Amit Gaur, Head Products Enterprise Voice, Reliance Communications
In 1876, Alexander Graham Bell's now-famous words had travelled successfully to the next room where Watson had been listening in, marking the birth of telephony. More than a century later, in 1995, telephony witnessed another path breaking innovation. An Israel-based company launched an application that used H.323 protocol to transmit voice using IP. That a six-year old company could do this would have come as a jolt to many telecom giants and researchers of the world, including maybe even Bell Laboratories with its USD 3 billion budget!
Since then, a lot of water has flown under the bridge. Almost every new development in the area of voice now involves data networks.
Much More than Two-Party Calls
In the Western markets, the main benefits of IP telephony are cost savings, improved productivity, increased innovation, and effective collaboration. The good news for enterprises in India is that most of these benefits are available to them too, albeit under slightly altered circumstances. In terms of both reach and infrastructure, India is largely ready to bring the benefits of IP voice to the doorsteps of enterprises. Reliance Communications, for instance, runs a nationwide Voice network purely to serve the IP voice requirements of enterprises.
Looking at IP Voice purely as a two-party telephone call alternative is missing the forest for the trees. Of course, plain vanilla voice – with HD quality often coming as a bonus – is a given in IP voice, but the biggest advantages it offers are that it prepares us for the changing needs of businesses and gets us wired up for tomorrow.
The Enterprise Nervous System
The workspace is gradually transitioning from a cluster of divided spaces into a flexible, fluid collaborative environment. This is particularly true for large campuses that are being designed or constructed afresh. In the near future, the IP network in an enterprise is likely to assume the role akin to that of the human nervous system (if it has not already) – a single network carrying data, voice, and video. Communications devices get plugged into this network as, when, and where needed – almost like limbs, just more flexible and modular – enabling people and machines to exchange information and collaborate on demand seamlessly.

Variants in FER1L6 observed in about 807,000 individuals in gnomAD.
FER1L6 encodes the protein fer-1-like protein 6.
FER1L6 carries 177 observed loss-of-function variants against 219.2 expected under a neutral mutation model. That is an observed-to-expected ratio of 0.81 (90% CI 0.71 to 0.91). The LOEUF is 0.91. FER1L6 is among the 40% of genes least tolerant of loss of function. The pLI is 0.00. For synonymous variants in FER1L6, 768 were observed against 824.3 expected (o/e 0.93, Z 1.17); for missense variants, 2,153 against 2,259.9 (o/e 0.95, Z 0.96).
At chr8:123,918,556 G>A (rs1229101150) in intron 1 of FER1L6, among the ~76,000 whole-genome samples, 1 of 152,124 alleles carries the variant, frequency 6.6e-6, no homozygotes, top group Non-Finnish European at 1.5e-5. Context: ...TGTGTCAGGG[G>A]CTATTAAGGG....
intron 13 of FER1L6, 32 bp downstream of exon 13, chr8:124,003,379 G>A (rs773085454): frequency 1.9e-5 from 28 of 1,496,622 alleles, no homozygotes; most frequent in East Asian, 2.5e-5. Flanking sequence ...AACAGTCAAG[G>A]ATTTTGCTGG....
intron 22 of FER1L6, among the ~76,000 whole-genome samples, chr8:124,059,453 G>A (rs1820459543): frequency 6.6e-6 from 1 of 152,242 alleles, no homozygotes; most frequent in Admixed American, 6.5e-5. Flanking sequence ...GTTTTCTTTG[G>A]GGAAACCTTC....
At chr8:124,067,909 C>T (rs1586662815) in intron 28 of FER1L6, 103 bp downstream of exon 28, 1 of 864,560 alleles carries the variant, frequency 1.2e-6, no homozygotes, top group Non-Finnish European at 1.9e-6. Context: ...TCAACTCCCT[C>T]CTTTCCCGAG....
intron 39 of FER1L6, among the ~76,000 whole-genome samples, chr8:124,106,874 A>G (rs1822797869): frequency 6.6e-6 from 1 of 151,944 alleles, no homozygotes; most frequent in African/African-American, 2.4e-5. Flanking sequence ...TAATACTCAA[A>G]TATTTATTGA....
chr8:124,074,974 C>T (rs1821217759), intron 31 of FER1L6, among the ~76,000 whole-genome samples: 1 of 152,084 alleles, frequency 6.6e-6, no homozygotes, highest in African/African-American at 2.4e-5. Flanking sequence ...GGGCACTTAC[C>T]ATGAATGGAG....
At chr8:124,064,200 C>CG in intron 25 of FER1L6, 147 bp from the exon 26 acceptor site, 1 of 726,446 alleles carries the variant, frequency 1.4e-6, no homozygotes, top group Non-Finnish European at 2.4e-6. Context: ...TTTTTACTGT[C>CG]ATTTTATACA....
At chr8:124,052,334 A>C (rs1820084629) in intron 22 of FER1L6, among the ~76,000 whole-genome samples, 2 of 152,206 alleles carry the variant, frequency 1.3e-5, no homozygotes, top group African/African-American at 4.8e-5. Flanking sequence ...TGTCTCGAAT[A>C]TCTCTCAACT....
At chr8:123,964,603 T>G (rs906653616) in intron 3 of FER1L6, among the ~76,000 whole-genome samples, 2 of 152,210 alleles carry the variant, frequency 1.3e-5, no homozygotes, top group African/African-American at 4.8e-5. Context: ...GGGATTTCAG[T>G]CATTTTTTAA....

Going from Interruptive to Interactive
An IP telephony system usually comes with a very rich suite of features, and users love it. With these features, the telephone sheds its interruptive character and becomes more interactive, molding its behavior in sync with the user's preferences, location, and engagements. Since the IP PBX – whether on-premise or hosted – is software-based, activating/deactivating and adding features is very simple. Similarly, configuration changes (adding, deleting, changing users) are usually just a matter of a few clicks.
Toward an IP-Centric World
Scalability of resources has probably never been more important for businesses. The world is seeing an increasing shift toward flexible, usage-based models. IP voice is perfectly suited to this dynamic world. SIP trunking, for instance, makes it very easy for enterprises with varying needs (say, a voice VAS operator) to scale up or down almost instantaneously based on needs. The convenience and cost advantage of this scalability cannot be matched by traditional systems. A framework like the IP Multimedia Subsystem (IMS) virtually provides an unlimited session capability. The telecom industry in India is playing a defining role in bringing the advantages of IP voice to enterprises within the regulatory framework. The country's first IMS-powered enterprise SIP trunking service has already been launched by Reliance Communications. The unified IP infrastructure framework brings down overhead costs and simplifies business communications processes.
Two major agents are propelling communications technology into the future. One, the technology itself is becoming more intelligent. Two, much of the intelligence is moving from hardware to software. IP voice is a fine example of how these two agents have combined to lay the ground for efficient, collaborative, user-friendly, and futuristic workspaces.